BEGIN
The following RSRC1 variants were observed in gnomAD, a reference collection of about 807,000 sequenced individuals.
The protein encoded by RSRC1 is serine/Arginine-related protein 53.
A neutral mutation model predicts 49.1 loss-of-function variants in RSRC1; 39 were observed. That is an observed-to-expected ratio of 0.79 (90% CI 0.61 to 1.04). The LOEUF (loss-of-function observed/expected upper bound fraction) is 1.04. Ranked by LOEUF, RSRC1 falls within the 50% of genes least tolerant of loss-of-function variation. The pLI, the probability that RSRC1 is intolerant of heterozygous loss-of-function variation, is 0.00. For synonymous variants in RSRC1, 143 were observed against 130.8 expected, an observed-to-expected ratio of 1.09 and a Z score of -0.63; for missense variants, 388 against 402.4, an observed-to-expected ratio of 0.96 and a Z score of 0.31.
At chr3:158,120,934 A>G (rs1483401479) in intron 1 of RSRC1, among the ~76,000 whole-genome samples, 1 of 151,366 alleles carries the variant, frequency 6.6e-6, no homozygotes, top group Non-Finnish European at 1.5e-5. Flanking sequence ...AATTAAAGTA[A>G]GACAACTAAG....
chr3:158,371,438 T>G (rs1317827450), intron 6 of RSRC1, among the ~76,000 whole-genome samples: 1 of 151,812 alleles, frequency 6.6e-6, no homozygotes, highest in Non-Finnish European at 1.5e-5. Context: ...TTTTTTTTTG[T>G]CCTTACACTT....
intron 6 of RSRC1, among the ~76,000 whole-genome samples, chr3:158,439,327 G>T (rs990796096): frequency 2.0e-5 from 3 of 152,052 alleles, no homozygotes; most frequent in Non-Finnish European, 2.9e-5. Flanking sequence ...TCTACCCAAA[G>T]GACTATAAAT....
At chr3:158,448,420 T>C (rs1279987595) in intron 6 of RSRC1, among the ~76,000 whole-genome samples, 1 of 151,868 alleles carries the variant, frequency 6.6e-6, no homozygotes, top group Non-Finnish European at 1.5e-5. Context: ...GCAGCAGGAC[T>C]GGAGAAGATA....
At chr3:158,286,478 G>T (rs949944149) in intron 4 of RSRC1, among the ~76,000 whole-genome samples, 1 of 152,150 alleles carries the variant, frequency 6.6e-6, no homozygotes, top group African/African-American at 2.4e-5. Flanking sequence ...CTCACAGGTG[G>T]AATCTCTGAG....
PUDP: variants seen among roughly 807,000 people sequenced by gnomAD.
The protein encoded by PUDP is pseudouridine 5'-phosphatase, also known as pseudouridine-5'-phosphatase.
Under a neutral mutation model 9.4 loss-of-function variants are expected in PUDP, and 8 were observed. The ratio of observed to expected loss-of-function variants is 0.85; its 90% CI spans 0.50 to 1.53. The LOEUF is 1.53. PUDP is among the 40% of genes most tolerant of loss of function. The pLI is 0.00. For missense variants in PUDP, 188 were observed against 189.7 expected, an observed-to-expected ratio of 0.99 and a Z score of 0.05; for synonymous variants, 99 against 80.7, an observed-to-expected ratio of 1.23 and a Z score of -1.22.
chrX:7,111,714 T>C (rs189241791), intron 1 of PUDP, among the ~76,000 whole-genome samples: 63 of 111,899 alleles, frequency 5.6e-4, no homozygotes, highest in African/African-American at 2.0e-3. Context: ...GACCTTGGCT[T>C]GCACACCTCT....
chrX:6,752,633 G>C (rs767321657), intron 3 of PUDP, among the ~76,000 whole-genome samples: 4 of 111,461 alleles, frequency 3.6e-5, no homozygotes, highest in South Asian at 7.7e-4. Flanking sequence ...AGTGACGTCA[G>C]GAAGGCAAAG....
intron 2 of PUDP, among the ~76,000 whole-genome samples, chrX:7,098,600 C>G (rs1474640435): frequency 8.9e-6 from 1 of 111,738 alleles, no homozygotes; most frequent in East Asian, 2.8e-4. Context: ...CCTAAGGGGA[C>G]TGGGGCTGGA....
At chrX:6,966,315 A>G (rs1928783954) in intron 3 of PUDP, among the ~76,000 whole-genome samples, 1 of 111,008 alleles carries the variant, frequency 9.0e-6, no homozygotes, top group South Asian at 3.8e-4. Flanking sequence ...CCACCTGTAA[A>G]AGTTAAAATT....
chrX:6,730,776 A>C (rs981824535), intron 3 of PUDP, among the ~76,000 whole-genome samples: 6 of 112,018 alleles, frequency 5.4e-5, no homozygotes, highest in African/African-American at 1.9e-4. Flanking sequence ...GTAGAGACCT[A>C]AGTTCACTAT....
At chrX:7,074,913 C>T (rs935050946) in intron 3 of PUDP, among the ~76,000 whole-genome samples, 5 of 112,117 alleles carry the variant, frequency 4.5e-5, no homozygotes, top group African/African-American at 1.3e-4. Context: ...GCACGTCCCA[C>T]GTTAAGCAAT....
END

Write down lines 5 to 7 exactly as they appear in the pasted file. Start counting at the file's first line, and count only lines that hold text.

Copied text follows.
chr3:158,371,438 T>G (rs1317827450), intron 6 of RSRC1, among the ~76,000 whole-genome samples: 1 of 151,812 alleles, frequency 6.6e-6, no homozygotes, highest in Non-Finnish European at 1.5e-5. Context: ...TTTTTTTTTG[T>G]CCTTACACTT....
intron 6 of RSRC1, among the ~76,000 whole-genome samples, chr3:158,439,327 G>T (rs990796096): frequency 2.0e-5 from 3 of 152,052 alleles, no homozygotes; most frequent in Non-Finnish European, 2.9e-5. Flanking sequence ...TCTACCCAAA[G>T]GACTATAAAT....
At chr3:158,448,420 T>C (rs1279987595) in intron 6 of RSRC1, among the ~76,000 whole-genome samples, 1 of 151,868 alleles carries the variant, frequency 6.6e-6, no homozygotes, top group Non-Finnish European at 1.5e-5. Context: ...GCAGCAGGAC[T>C]GGAGAAGATA....